I recently had a conversation with one of my students about picking her major. She had gotten into her first choice school based, in large part, upon her test score, but was now trying to pick her field of study.
“I want to study psychology, but everyone tells me I can’t do anything with a Bachelor’s in that field.”
“Everyone is right,” I said. “At least a Masters, and even there the money isn’t necessarily phenomenal.”
“My brother says ‘study business.’ He hates the idea of my studying psych.”
“He’s the successful guy, right? You told me you look up to him and trust his advice.”
“He’s right – but I know you hate all that stuff: accounting, finance, etc. I mean you’ll love marketing but a business degree is very math-oriented and you’re not a fan.”
“I know I know I know. So I can study something I love and have no job or trudge through something I hate so I can have one?”
I laughed. I wasn’t trying to be cruel. But her statement indicated she was one step ahead of where she should have been. The question she needed to begin with was:
Why am I going to college?
If the answer is:
A) To get a job
Then yes, she should look at careers and jobs and work backwards from there, identifying the majors of people successful in those fields, either from research or asking people personally. Do not make the assumption that a degree in a field gets you a job in the field (unless you are picking accounting, in which case you will be nearly guaranteed a job upon graduation, and at a reasonable rate too!).
B) To study something I love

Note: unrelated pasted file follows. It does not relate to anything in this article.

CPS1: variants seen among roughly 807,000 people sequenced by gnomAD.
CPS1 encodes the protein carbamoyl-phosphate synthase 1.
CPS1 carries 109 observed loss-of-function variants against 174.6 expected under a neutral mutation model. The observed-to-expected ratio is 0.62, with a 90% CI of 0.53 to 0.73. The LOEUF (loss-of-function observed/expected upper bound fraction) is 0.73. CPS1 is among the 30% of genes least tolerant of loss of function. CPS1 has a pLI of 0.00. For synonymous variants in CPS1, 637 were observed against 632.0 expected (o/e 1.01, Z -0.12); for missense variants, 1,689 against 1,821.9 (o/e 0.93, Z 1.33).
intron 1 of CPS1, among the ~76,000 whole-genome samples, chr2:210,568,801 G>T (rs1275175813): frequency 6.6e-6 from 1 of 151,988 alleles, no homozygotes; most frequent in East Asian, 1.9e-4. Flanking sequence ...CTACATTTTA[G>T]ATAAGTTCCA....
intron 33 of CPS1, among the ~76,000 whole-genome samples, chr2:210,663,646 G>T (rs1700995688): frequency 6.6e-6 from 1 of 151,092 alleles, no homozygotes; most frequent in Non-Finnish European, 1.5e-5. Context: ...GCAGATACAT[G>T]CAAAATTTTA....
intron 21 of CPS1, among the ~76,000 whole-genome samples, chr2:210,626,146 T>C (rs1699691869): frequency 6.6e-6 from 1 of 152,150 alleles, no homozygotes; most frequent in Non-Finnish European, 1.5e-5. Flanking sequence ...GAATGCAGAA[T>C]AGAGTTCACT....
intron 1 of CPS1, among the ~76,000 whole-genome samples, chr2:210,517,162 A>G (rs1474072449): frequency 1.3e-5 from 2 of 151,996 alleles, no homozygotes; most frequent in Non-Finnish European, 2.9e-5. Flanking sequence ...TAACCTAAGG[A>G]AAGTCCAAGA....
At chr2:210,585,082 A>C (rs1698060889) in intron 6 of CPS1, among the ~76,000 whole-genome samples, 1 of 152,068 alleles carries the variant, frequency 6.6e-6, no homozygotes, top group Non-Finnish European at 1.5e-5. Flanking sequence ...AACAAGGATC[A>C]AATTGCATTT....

Then sure, she should study psychology. I have a Liberal Arts background myself, with a degree in Literature. I am now and always have been an intellectual so I, at her age, might have just breathlessly have told you that I “loved books” and wanted to go to college to read hundreds of them.
I could never have told you that I would be an entrepreneur when I was 18 because I don’t think I even considered that a possibility at that age. I loved to learn and I had earned a full academic scholarship to my school of choice so I wasn’t taking a financial risk to pursue the studies I wanted. The caveat here is that if you love Art History I am NOT encouraging you to study what you love if you don’t have some kind of scholarship or college fund set aside. I’ll address how much I think it’s healthy to spend on college in a future article.
C) Because everyone tells me I’m supposed to
Hmmmm. Look, I’ve read the studies too. People with 4-year degrees make more money (and sometimes, even they get out-earned by 2-year degree holders). I get it. But please realize that this is the first decision of your adult life. Maybe you could have made a decision on where to go to high school based solely on the counsel of your family and friends. They are important. Very important. But you need to own your college decision, really and truly.
D) To party!
Don’t worry. it’s going to be everything you thought, and more (don’t worry, parents!). Just be smart about your decisions and your finances.
As we talked through all of this, my student laughed and said, “I’m still undecided.”
That’s fine. You don’t need to have the rest of your life figured out right now. And you may have motivations A-D (hopefully not just D. If you only have that motivation, save us all some time and money and just go to community college!). Just make sure you have a plan. Plans can change. But “no plan” isn’t wise. “No plan isn’t worthy of someone on the cusp of adulthood. As you get ready for college – no matter how many years away it is – whether you are a parent or a student – remember that college ends in a ceremony called Commencement, which means “beginning.” Everything you do up until then is preparation and planning.
Make it count.